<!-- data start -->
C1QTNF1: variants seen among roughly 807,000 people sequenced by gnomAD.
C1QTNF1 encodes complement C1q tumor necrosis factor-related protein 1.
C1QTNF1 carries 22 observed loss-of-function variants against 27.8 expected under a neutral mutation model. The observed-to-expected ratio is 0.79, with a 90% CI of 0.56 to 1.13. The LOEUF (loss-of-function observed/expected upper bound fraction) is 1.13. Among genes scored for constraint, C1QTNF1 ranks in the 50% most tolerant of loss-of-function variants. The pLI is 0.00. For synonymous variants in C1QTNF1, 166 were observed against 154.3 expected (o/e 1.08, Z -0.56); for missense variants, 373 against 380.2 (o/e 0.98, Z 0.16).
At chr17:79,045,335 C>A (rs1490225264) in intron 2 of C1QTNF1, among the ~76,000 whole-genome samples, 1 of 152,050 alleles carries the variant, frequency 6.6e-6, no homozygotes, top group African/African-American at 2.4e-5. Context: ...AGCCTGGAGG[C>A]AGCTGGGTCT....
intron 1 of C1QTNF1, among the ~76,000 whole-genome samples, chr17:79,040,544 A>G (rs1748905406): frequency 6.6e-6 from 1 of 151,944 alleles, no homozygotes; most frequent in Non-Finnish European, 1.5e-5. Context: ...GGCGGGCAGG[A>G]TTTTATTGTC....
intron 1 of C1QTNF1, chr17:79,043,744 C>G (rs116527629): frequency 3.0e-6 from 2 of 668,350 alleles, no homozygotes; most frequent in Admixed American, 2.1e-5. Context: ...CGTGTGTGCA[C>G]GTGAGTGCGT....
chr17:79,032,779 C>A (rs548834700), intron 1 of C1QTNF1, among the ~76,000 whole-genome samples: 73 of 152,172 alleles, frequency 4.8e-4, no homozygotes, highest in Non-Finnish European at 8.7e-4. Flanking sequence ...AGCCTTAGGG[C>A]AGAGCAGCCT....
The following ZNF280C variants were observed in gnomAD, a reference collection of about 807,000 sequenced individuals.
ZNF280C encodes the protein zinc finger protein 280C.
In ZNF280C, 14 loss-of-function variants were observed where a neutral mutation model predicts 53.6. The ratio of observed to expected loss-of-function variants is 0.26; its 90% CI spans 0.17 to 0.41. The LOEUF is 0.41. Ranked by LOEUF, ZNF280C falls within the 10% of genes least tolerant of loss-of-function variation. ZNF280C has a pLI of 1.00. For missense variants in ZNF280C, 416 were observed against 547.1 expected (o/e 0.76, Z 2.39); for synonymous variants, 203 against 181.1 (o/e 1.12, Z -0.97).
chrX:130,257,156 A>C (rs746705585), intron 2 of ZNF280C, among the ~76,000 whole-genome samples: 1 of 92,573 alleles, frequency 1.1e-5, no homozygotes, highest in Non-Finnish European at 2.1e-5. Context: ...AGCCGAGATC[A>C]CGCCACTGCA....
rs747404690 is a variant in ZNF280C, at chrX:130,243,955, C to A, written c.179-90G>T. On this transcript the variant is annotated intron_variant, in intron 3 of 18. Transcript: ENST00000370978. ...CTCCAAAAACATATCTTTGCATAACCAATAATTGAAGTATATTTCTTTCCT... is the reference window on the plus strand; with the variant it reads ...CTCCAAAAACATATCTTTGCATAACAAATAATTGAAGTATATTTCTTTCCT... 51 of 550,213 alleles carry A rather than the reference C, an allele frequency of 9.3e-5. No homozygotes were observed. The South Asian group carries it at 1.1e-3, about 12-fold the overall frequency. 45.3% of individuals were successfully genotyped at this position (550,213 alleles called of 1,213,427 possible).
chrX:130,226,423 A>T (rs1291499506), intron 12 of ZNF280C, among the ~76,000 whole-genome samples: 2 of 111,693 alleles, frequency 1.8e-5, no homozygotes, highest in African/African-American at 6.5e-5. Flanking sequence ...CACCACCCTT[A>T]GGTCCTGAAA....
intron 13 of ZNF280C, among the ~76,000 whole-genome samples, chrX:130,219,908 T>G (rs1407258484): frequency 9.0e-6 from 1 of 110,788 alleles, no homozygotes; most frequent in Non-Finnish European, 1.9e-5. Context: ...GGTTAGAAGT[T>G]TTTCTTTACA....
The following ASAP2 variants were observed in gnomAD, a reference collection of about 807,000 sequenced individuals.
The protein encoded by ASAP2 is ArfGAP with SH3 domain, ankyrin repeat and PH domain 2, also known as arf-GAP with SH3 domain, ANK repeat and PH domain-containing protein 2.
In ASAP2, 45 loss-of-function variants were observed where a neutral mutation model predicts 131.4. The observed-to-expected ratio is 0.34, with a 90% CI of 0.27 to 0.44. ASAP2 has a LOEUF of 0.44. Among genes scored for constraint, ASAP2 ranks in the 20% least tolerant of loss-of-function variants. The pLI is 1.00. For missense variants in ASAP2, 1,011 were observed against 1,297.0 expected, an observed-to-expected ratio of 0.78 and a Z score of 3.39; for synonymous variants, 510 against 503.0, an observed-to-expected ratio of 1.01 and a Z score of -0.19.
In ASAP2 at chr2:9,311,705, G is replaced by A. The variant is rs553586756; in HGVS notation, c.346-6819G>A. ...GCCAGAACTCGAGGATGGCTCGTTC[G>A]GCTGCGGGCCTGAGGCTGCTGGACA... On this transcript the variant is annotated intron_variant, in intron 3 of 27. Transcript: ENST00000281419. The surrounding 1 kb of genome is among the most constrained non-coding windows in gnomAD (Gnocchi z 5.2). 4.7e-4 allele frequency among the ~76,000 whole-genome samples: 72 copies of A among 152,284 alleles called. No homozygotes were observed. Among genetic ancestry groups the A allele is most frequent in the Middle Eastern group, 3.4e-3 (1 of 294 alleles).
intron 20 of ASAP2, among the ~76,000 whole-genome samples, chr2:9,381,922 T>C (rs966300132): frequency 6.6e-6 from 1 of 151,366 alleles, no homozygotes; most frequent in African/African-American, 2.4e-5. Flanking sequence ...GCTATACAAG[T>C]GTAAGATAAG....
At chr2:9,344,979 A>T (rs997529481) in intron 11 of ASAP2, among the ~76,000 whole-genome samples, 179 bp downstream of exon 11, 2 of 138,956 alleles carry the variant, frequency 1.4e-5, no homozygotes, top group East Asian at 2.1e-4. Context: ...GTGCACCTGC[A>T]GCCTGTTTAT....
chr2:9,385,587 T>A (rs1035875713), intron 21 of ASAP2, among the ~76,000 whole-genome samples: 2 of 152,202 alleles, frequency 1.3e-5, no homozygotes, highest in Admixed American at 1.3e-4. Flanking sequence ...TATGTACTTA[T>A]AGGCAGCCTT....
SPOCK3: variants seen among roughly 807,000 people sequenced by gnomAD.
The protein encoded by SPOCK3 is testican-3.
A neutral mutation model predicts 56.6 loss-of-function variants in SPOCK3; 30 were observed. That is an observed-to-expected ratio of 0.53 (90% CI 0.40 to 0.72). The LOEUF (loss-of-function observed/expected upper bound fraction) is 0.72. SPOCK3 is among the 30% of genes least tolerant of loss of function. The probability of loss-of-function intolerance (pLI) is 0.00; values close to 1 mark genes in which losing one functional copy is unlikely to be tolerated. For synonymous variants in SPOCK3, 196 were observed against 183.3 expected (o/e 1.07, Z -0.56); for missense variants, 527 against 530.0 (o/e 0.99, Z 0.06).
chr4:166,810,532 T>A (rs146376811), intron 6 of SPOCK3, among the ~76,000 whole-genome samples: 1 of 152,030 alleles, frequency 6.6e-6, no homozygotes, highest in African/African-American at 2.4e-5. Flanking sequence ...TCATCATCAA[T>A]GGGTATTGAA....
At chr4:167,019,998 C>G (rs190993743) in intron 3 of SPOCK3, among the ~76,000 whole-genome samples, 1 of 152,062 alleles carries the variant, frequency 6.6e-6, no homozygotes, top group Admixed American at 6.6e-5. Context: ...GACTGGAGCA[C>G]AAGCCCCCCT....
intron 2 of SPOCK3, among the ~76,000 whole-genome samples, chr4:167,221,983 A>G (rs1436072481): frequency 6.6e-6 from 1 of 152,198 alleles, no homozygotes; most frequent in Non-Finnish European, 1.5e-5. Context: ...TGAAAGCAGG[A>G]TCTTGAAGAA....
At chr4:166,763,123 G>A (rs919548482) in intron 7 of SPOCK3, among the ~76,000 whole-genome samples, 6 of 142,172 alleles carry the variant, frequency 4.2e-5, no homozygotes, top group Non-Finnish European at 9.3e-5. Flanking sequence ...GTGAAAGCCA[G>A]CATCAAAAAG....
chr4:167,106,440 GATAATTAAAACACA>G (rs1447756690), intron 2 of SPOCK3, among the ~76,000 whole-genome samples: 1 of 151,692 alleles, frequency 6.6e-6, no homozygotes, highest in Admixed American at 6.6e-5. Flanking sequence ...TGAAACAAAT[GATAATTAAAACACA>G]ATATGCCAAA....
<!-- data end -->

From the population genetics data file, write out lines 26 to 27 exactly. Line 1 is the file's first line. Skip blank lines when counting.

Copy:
At chr4:167,019,998 C>G (rs190993743) in intron 3 of SPOCK3, among the ~76,000 whole-genome samples, 1 of 152,062 alleles carries the variant, frequency 6.6e-6, no homozygotes, top group Admixed American at 6.6e-5. Context: ...GACTGGAGCA[C>G]AAGCCCCCCT....
intron 2 of SPOCK3, among the ~76,000 whole-genome samples, chr4:167,221,983 A>G (rs1436072481): frequency 6.6e-6 from 1 of 152,198 alleles, no homozygotes; most frequent in Non-Finnish European, 1.5e-5. Context: ...TGAAAGCAGG[A>G]TCTTGAAGAA....